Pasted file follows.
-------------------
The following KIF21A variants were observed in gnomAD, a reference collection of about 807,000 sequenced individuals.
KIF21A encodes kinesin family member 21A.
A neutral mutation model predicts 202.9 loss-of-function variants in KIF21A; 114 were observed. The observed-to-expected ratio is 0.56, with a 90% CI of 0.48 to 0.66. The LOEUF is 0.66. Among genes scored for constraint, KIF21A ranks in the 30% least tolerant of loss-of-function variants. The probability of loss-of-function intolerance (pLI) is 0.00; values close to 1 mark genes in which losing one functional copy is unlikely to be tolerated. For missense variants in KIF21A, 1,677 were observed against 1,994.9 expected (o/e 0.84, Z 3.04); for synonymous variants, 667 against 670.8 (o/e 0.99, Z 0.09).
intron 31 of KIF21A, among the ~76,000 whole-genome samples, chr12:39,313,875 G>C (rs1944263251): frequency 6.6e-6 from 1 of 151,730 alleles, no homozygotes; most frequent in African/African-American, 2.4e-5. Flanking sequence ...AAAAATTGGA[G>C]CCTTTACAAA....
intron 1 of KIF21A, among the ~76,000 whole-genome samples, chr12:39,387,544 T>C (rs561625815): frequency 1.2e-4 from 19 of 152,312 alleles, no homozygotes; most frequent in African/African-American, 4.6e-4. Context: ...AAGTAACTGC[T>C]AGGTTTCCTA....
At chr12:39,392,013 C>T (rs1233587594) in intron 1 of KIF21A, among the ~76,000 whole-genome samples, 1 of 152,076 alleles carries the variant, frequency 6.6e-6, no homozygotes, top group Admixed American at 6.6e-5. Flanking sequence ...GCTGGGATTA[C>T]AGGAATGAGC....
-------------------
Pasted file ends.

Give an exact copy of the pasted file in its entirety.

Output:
The following KIF21A variants were observed in gnomAD, a reference collection of about 807,000 sequenced individuals.
KIF21A encodes kinesin family member 21A.
A neutral mutation model predicts 202.9 loss-of-function variants in KIF21A; 114 were observed. The observed-to-expected ratio is 0.56, with a 90% CI of 0.48 to 0.66. The LOEUF is 0.66. Among genes scored for constraint, KIF21A ranks in the 30% least tolerant of loss-of-function variants. The probability of loss-of-function intolerance (pLI) is 0.00; values close to 1 mark genes in which losing one functional copy is unlikely to be tolerated. For missense variants in KIF21A, 1,677 were observed against 1,994.9 expected (o/e 0.84, Z 3.04); for synonymous variants, 667 against 670.8 (o/e 0.99, Z 0.09).
intron 31 of KIF21A, among the ~76,000 whole-genome samples, chr12:39,313,875 G>C (rs1944263251): frequency 6.6e-6 from 1 of 151,730 alleles, no homozygotes; most frequent in African/African-American, 2.4e-5. Flanking sequence ...AAAAATTGGA[G>C]CCTTTACAAA....
intron 1 of KIF21A, among the ~76,000 whole-genome samples, chr12:39,387,544 T>C (rs561625815): frequency 1.2e-4 from 19 of 152,312 alleles, no homozygotes; most frequent in African/African-American, 4.6e-4. Context: ...AAGTAACTGC[T>C]AGGTTTCCTA....
At chr12:39,392,013 C>T (rs1233587594) in intron 1 of KIF21A, among the ~76,000 whole-genome samples, 1 of 152,076 alleles carries the variant, frequency 6.6e-6, no homozygotes, top group Admixed American at 6.6e-5. Flanking sequence ...GCTGGGATTA[C>T]AGGAATGAGC....